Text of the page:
In his other thread he states he wants it to be able to play civ 5. FYI I use a my 5 year old laptop which has a 1.8ghz turion x2 to play 1080p movies off the hdmi to my tv. The graphics are also much lower than todays integrated but most video players a cpu decoded anyways. Movies really doesn't need much.


Ok, then I agree.
But regarding video, its untouched HD thats always the issue. My 4 yr old laptop(1.8GHz Core 2 Duo) can play compressed 1080p videos, but give it an untouched blu ray rip, and I start to see block artifacts.
a b B Homebuilt system
a c 194 U Graphics card
a c 109 V Motherboard
September 24, 2012 6:10:45 AM

Both of the cpus stated are much more powerful so isn't an issue here. These could even play 3D.
September 24, 2012 4:49:04 PM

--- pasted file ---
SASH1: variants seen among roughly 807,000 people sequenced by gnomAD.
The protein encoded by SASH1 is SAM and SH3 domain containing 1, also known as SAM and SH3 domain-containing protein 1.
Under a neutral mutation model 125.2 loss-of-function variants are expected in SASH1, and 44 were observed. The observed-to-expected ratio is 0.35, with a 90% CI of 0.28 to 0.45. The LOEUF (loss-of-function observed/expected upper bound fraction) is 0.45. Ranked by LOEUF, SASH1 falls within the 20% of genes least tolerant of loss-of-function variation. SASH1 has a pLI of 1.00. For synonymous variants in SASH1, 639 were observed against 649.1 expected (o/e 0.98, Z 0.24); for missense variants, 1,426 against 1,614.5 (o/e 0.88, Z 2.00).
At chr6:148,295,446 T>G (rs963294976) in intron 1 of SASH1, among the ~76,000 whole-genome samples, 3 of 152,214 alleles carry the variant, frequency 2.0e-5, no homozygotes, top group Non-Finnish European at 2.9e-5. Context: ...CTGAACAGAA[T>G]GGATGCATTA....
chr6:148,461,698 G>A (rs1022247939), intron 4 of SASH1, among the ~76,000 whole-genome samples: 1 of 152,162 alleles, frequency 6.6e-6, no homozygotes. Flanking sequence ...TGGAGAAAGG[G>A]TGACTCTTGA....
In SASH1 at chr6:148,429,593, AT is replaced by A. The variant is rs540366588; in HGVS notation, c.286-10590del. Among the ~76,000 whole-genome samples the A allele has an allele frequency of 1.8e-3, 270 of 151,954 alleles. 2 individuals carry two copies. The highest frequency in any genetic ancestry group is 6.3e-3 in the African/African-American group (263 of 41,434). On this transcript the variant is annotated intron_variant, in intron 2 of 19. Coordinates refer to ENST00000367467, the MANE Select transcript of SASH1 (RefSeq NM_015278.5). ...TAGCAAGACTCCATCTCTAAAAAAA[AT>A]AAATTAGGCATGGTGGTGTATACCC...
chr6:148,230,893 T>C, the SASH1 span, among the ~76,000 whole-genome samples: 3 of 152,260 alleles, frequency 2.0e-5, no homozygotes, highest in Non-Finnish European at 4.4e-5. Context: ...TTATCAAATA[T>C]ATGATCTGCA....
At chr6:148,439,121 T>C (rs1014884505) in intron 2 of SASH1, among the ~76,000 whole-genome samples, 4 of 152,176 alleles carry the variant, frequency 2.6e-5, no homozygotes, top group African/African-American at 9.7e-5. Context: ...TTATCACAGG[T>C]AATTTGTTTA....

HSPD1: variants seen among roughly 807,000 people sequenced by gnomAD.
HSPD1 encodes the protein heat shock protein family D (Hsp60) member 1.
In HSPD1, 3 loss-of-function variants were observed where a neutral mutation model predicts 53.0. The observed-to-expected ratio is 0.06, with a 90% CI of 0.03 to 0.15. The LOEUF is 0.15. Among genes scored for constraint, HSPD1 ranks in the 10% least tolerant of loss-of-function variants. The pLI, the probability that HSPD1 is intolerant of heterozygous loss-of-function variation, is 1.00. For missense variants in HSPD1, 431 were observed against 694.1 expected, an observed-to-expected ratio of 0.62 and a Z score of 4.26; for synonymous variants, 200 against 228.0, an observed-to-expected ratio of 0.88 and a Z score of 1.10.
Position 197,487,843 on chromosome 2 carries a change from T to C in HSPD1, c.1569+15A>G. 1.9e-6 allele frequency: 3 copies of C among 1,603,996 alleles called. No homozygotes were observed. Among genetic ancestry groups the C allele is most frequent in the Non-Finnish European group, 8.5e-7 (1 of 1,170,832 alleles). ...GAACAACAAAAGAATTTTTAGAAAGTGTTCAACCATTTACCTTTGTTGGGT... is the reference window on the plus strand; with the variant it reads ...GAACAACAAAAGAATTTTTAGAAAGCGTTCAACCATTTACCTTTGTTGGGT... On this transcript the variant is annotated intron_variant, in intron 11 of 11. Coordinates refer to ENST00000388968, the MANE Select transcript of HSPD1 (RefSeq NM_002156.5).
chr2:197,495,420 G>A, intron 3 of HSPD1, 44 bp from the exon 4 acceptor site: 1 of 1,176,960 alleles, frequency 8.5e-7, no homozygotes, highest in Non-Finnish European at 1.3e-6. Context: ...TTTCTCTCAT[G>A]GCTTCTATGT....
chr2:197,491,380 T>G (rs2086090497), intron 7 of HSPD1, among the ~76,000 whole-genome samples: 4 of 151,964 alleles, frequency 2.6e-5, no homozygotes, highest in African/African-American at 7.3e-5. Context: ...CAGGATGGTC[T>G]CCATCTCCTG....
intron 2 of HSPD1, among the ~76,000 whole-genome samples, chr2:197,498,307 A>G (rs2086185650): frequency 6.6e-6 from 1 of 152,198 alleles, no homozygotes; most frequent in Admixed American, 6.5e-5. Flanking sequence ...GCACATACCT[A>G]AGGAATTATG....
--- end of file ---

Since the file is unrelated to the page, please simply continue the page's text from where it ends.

You two are fantastic. Many thanks.

k1114 said:
There are cpus with no igpu that will work on a mobo with video outputs but the outputs wouldn't be usable.


Okay cool. The build you recommended has a motherboard with HDMI output, but also a discrete GPU, so I didn't know if I could connect HDMI via the motherboard and still make use of a discrete GPU without HDMI ouput. I assume this motherboard is a particularly good one if it would have this superfluous feature (HDMI ouput) if I attach a discrete GPU.

RE PSU: I went back to the calculator site and discovered that I misread how to count CPUs. I thought it said to count a quad-core as 4 CPUs, but I was supposed to count it as 1. That, not surprisingly, made a huge difference. Here is the site in case you are curious and can inform me if it is either way off or a decent guideline.
http://extreme.outervision.com/PSUEngine